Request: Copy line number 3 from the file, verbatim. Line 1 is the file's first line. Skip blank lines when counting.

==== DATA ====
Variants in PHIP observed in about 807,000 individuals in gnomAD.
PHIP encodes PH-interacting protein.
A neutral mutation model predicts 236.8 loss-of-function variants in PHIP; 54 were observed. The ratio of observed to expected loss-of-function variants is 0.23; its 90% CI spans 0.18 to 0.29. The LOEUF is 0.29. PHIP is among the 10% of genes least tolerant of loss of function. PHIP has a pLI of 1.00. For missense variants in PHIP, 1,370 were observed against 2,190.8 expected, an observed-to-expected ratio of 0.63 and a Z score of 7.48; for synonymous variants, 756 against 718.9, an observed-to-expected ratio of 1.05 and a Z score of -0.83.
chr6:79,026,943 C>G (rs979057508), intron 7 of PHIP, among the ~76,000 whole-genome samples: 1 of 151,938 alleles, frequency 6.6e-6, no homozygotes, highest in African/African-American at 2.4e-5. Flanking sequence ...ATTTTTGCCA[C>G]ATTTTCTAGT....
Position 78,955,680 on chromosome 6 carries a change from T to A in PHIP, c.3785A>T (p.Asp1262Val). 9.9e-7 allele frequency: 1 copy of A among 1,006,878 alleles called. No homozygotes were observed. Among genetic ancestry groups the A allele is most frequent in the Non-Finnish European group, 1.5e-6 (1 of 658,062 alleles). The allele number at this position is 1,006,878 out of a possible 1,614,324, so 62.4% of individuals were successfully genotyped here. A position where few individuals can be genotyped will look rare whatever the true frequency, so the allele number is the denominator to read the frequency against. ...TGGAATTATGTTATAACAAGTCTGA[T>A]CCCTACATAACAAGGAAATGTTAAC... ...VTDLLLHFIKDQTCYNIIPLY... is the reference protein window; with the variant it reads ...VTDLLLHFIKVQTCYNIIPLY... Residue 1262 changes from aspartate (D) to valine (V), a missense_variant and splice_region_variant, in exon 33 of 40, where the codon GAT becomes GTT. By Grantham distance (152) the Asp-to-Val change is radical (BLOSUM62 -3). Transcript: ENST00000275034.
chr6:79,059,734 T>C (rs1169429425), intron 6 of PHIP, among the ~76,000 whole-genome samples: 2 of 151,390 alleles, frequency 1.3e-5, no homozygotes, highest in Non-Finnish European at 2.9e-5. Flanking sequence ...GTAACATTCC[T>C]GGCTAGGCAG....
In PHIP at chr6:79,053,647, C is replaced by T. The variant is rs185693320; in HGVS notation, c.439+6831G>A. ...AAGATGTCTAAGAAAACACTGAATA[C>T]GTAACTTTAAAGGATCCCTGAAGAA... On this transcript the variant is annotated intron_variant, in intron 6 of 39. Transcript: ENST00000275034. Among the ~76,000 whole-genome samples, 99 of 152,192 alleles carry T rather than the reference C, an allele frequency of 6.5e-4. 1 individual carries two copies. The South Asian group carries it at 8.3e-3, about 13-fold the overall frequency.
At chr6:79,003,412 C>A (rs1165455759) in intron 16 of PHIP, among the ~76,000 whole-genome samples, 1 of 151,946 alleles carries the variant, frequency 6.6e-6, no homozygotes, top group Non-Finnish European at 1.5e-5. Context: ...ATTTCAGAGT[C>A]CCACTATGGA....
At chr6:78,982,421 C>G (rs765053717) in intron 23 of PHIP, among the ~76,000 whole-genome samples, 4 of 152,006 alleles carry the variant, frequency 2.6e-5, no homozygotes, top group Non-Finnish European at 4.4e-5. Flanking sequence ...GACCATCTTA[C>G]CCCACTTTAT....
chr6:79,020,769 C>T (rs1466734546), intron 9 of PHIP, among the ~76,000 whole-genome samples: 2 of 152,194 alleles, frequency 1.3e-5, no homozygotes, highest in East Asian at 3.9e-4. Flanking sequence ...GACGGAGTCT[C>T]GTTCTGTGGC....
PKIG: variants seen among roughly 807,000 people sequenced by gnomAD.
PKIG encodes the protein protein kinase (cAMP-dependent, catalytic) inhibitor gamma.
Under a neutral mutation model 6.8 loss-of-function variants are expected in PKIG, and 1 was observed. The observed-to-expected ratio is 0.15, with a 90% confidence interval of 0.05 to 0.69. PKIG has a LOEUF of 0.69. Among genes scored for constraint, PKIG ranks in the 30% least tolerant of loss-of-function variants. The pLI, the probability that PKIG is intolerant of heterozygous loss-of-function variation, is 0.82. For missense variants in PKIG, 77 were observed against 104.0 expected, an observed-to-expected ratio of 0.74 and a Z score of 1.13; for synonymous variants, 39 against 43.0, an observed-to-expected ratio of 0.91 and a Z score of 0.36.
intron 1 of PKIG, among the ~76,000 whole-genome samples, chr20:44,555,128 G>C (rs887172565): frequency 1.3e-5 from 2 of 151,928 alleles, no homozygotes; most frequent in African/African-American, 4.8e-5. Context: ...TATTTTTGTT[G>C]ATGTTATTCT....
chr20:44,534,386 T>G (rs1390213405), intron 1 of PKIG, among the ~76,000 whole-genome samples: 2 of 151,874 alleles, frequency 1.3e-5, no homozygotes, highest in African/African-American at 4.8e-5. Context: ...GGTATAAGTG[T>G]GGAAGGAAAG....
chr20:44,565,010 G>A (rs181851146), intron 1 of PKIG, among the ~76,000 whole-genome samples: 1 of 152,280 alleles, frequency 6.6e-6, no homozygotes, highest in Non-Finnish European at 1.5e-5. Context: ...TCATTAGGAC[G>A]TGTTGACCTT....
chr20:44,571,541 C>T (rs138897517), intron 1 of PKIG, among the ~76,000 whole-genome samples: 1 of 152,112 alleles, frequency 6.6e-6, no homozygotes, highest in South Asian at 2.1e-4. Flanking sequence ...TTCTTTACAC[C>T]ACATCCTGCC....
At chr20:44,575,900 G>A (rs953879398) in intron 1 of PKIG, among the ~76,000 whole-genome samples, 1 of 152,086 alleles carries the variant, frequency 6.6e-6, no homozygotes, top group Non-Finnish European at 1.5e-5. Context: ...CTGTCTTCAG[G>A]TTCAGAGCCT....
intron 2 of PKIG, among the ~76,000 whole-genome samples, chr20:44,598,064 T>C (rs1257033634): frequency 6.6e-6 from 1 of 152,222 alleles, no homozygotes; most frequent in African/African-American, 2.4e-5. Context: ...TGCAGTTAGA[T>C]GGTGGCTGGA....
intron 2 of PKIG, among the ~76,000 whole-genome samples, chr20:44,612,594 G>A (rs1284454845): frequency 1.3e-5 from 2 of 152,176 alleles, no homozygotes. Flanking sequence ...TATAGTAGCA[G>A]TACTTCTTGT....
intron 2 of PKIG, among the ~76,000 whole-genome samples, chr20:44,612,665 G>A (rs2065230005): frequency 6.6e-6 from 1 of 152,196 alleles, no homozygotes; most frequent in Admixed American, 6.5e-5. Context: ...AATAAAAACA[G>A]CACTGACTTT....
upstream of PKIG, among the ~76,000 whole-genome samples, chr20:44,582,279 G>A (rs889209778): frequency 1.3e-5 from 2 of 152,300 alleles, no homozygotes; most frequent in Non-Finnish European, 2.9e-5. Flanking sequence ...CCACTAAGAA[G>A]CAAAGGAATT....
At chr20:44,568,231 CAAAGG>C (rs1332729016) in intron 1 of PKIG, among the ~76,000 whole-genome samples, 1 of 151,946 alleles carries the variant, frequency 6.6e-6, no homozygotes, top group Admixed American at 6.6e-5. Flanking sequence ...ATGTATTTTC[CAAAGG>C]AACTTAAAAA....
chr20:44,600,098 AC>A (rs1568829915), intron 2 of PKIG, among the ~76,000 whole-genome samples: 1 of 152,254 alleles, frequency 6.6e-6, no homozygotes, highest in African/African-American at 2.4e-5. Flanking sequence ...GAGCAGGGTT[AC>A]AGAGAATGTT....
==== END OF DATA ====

A neutral mutation model predicts 236.8 loss-of-function variants in PHIP; 54 were observed. The ratio of observed to expected loss-of-function variants is 0.23; its 90% CI spans 0.18 to 0.29. The LOEUF is 0.29. PHIP is among the 10% of genes least tolerant of loss of function. PHIP has a pLI of 1.00. For missense variants in PHIP, 1,370 were observed against 2,190.8 expected, an observed-to-expected ratio of 0.63 and a Z score of 7.48; for synonymous variants, 756 against 718.9, an observed-to-expected ratio of 1.05 and a Z score of -0.83.